Also, if an owner is prone to anxiety or PTSD attacks, Luke is being trained to act as a smokescreen of sorts. When Karen taps her thigh, Luke will jump up and start nipping, becoming a general distraction. This allows the owner to excuse themselves to, quote, go and deal with their dog, extricating themselves from the problematic situation. Kaya hasn't been working with the trainers long enough to have any special work-ons. Everyone's just pleased that she seems to be handling her first field trip beautifully. With the day at Rooster Creek Park done, it's time for the pups to go home. Some of the animals stay at Doggy Do-Good, while others go home with employees. Two puppies that go to trainer homes at night ^are Benelli and her best friend Kleo. They began the program at the same time and though they look like siblings, they aren't related. Kleo goes home with volunteer Christina. Even though she wasn't on the field trip, Kleo still had a big day of training back at Doggy Do-Good. Now it's time for her to just be a puppy. While Christina won't make Kleo go through drills, she still needs to make sure Kleo is obeying the basics of being a civilized pup. If Kleo chews on something or has a potty accident, Christina has to stop what she's doing and handle it.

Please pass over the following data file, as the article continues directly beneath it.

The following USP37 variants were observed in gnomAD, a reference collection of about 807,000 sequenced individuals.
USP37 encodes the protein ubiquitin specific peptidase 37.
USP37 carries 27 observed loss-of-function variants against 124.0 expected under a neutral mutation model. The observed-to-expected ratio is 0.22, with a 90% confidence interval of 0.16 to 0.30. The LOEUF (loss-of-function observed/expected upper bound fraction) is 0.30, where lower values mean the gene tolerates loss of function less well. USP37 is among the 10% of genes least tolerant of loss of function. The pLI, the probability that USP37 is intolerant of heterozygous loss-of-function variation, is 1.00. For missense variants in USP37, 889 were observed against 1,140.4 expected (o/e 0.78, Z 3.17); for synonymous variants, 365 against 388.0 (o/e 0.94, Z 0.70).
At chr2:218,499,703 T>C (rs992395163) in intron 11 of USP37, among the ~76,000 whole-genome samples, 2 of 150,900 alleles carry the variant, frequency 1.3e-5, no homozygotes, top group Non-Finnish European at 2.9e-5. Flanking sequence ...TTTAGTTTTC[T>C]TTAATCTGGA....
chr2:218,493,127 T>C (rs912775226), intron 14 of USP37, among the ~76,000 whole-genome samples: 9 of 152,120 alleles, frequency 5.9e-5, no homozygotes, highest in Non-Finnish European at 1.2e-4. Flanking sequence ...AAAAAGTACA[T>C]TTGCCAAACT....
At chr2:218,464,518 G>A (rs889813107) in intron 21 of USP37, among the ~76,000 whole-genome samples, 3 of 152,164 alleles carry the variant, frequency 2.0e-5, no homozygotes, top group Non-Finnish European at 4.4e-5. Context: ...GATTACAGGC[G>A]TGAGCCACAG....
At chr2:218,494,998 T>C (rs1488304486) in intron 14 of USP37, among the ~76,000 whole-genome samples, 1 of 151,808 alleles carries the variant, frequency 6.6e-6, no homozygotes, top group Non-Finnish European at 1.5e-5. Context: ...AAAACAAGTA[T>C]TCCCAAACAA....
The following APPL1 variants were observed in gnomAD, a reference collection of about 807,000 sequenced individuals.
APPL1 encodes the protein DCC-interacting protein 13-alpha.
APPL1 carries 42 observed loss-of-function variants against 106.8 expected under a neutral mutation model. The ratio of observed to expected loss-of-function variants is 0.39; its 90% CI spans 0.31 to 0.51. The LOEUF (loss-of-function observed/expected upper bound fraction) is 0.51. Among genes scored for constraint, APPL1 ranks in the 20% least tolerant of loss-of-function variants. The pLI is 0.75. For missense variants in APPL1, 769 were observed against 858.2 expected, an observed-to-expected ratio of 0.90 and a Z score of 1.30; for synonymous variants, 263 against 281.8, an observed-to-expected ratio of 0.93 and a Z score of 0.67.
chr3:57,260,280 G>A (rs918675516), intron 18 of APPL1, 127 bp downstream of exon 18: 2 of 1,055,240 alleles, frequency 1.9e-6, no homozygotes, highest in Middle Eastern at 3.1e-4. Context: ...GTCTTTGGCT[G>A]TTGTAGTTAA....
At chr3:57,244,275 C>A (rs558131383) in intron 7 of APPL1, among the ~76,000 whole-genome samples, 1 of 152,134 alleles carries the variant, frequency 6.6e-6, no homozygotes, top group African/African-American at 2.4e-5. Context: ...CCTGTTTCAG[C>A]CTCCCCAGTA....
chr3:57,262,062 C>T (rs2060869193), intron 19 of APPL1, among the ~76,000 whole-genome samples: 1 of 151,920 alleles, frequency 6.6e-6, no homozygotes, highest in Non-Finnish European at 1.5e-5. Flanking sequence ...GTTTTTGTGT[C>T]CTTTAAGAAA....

Kleo can get shy, especially around loud noises, but this isn't the time to work on that. Kleo can relax and worry about her training tomorrow. Speaking of tomorrow, that's what time it is now, and what luck, it's time for another field trip. Because all the dogs did so well with all those dang roosters running around Rooster Creek, it's time to see how they'll do with other animals at Avila Valley Barns. The first priority for every puppy on any field trip is to taste the local flavor of grass. As well trained as these pups are, ^there are some things they just need to grow out of. ^Once again, Deacon is the first to work. The trainer applies occasional pressure on Deacon's harness to make sure he's always ready to stabilize someone. The emu is only a temporary distraction and Deacon is still able to retrieve items with it nearby. Deacon recognizes even though it's a fun day at the farm, he has a job to do. ^Next to go on a lap around the farm is Benelli. Things that didn't phase two-year-old Deacon could be a major distraction for the six-month-old lab. Whenever Benelli meets something new that could startle her, the trainer feeds her a treat and pets her. This boosts the young pup's confidence and gets her to associate nervousness with treats. These field trips are all about positive reinforcement in unfamiliar situations, such as the emu, which hasn't phased Benelli.